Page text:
Lonely is the Man Apart

Knowledge, when actively and correctly applied, is power. In an earlier piece I spoke on this at some length. There is though one caveat I failed to mention…being right can be a very lonely place. Fields Medal recipients, Nobel Prize winners, celebrated individual geniuses such as Elon Musk and others; they are so far beyond most people in terms of intellect who can they relate to and how do they make sense of a non-sensical world? I’m reminded of the character Ozymandias (Adrian Veidt) from ‘The Watchmen’ and a line from the film in which he states “the only person with whom [he] felt any kinship with died three hundred years before the birth of Christ…Alexander of Macedonia or Alexander the great as [we] know him”. Though fictional a person can’t help but wonder if this burden is something truly felt by the special few upon which the transformative ideas of the world are built?

As someone filling the rank and file I find myself quick to complain about the alienation of being part of the proletariat struggle (though this is self-induced) never thinking that there is an equally difficult struggle existing on the other side of the Bell Curve. For the sake of illustration, it’s worth noting this doesn’t just plague those of great mental ability. Take the superior athlete for example. As a native Clevelander I’ll use an easily relatable example, LeBron James. Regardless of how a person feels about him personally or as a teammate there’s no denying his skill level is far beyond the majority of his peers. It’s in that separation a great sense of personal isolation has to exist. For someone operating within a team sport, or a corporation for that matter, having a vision and aptitude beyond the next closest subset of colleagues can be crippling. As the saying goes, heavy is the head that wears the crown.

This is the part of my rant where I try to tie it all together. If as you go along in life you should happen to discover that you are one of these rare birds take heart. The road to achieving your goals will be an uphill battle, not merely because of what you’re attempting to accomplish but because in your way will find a slew of folks whose only existence appears to make your job harder. Prepare yourself for the burden of being different, of being special…of being great. I can’t profess to be one of these people, weird yes, gifted no, but what I do see and recognize all around me is that this world is overrun with DNA (do-nothing assholes). They control and dictate the situation of far too much economically, politically and socially. Know that the uniqueness you possess will be a one-way ticket to a deserted island, learn to swim with the sharks and everything will be okay.

One person’s garbage…another person’s treasure

Chances are if you were born before the 1990’s you’ve heard the above expression. While part of me wants to chalk it up along with many of the others I’ve mentioned on this site as having little to no value the older version of myself sees some unspoken wisdom in this notion. Having spent a part of my youth living with my post-depression era grandparents it’s easy to identify the obvious financial undertones of the statement but it’s in the extension of this ideology to the other areas of life that a reward just as great can be reaped. Allow me to share a pair of examples.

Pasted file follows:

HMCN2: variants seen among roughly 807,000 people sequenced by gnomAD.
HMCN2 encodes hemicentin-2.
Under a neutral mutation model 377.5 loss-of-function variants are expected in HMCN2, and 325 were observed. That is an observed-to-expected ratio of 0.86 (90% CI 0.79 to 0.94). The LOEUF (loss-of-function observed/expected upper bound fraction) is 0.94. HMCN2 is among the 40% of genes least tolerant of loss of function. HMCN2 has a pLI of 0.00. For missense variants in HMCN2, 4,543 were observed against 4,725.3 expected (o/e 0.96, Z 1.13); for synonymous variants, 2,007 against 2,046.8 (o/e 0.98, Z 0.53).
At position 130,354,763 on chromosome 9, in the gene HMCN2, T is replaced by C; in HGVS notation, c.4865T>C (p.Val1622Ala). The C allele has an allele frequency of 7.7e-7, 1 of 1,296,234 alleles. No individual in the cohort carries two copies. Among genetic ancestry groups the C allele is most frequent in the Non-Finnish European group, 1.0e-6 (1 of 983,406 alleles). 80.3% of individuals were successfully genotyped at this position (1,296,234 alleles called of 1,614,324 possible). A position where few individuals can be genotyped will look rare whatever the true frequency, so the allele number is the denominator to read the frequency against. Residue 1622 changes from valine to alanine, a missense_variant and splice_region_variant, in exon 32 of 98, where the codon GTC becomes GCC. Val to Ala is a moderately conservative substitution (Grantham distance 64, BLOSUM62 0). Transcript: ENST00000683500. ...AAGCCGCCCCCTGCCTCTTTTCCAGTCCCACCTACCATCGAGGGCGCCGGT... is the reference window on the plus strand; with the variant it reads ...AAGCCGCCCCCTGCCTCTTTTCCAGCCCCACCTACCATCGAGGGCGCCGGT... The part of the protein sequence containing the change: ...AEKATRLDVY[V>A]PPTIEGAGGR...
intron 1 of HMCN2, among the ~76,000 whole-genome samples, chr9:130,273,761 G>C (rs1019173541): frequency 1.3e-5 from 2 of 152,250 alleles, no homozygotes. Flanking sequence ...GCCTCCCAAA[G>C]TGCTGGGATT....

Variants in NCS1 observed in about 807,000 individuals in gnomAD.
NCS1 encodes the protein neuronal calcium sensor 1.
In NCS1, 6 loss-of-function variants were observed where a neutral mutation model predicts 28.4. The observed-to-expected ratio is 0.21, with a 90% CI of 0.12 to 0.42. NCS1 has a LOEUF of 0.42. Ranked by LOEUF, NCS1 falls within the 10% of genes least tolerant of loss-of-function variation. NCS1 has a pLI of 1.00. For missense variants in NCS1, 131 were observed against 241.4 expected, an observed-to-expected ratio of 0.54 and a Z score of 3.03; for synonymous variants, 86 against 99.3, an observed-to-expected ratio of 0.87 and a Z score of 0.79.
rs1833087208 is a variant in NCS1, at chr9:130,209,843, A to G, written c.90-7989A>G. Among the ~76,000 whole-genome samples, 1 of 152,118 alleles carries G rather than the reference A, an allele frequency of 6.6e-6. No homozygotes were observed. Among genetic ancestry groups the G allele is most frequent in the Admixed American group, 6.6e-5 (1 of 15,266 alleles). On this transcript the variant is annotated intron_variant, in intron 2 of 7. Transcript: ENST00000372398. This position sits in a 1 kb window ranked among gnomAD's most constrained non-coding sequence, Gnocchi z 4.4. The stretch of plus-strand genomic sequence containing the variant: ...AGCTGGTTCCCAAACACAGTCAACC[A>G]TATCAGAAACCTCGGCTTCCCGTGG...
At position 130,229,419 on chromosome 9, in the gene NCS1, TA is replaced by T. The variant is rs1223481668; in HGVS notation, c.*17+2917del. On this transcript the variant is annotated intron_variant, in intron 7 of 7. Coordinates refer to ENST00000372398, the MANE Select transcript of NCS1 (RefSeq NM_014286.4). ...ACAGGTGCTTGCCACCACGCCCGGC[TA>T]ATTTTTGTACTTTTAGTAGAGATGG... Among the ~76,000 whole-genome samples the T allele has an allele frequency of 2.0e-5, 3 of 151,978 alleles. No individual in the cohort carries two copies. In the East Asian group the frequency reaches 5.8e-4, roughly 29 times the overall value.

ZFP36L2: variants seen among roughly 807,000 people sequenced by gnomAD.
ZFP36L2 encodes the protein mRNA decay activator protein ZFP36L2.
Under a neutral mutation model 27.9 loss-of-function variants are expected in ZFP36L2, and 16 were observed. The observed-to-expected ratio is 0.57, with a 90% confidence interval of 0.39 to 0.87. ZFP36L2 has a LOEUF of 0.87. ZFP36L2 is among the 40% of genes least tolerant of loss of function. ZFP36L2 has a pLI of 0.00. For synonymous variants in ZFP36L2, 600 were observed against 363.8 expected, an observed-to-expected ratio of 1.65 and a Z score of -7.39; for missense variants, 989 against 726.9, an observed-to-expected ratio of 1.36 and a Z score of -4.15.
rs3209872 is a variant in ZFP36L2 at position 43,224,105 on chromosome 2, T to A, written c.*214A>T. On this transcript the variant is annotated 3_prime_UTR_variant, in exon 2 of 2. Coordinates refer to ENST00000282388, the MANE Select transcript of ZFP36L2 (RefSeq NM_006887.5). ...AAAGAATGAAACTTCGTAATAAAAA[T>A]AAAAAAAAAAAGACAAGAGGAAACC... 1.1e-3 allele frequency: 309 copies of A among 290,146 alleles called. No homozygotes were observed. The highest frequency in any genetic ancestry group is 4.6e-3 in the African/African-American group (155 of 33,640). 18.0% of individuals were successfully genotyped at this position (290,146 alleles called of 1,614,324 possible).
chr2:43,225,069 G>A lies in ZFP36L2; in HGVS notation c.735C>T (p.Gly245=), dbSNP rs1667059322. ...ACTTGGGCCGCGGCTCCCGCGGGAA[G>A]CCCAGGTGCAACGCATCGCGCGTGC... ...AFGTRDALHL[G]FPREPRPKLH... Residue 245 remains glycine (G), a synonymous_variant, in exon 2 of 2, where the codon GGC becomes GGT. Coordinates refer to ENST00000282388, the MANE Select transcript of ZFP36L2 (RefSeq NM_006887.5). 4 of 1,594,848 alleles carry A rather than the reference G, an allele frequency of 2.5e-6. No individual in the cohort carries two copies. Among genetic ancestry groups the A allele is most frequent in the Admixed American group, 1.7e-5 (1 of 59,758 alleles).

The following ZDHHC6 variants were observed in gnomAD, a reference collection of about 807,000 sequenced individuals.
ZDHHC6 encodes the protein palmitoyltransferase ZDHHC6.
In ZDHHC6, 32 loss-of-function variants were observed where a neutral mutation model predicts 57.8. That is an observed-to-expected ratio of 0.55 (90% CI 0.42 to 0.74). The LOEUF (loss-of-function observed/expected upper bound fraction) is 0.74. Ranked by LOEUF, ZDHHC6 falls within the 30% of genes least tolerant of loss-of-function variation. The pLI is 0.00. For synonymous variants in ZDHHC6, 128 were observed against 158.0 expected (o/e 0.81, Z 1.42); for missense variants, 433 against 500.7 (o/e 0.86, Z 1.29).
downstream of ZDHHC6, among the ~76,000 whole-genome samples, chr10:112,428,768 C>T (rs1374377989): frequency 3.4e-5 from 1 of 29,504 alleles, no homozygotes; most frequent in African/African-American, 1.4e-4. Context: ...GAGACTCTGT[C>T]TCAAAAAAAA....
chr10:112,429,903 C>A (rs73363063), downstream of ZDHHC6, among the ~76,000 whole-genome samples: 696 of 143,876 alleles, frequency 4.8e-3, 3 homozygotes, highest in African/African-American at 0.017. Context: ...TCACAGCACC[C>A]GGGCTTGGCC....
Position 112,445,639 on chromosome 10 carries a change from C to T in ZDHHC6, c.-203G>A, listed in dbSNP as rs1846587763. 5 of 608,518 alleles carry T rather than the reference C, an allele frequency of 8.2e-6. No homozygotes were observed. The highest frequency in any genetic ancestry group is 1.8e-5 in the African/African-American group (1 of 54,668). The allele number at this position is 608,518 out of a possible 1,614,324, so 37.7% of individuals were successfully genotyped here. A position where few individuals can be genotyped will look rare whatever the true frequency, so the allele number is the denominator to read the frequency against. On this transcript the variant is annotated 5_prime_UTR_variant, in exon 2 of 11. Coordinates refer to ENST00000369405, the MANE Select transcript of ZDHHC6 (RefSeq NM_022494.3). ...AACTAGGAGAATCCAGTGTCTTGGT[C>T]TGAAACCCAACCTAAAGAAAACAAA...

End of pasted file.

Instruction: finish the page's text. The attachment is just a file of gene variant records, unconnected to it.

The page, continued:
The first example that comes to mind is oddly enough intimate relationship(s). Take the man or woman that has [recently] been dumped by an otherwise uncaring, asshole partner. Whether or not they’re a physical or emotional gem is a matter of debate but odds are 50/50 that the person is. Now throw the fact they are leaving an otherwise unhealthy experience – which likely has lead them to engage in things such as questioning their self-worth – there is a strong chance they will be putting their best foot forward with their next ‘at bat’ while simultaneously making some beneficial personal changes…making them an ideal mate. Just as one places an empty candy wrapper in a waste receptacle people are equally disposable. One person’s relational garbage is potentially another person’s treasure.

A second example, and for the sake of being brief the last in this article (though there are several more), is a person’s career choice. Though this could be considered an extension of an individual’s financial actions I’d like to draw attention to the non-monetary side of this life consideration. The inspiration for this example came from a chance encounter with a passenger I had on a flight recently. Though I hardly consider anything chance; more like the law of averages in operation. The gentleman, a D.C. attorney, had recently graduated from Georgetown and was working in his first year as patent lawyer for the US Patent Office; a fact I cued in on from of all things a pen he was taking notes with. In the majority of cases I don’t care for engaging on a personal level with customers as I find most, particularly in first class, to be uninteresting middle management clogs but I have a penchant for law so I took up the chance to speak further with him.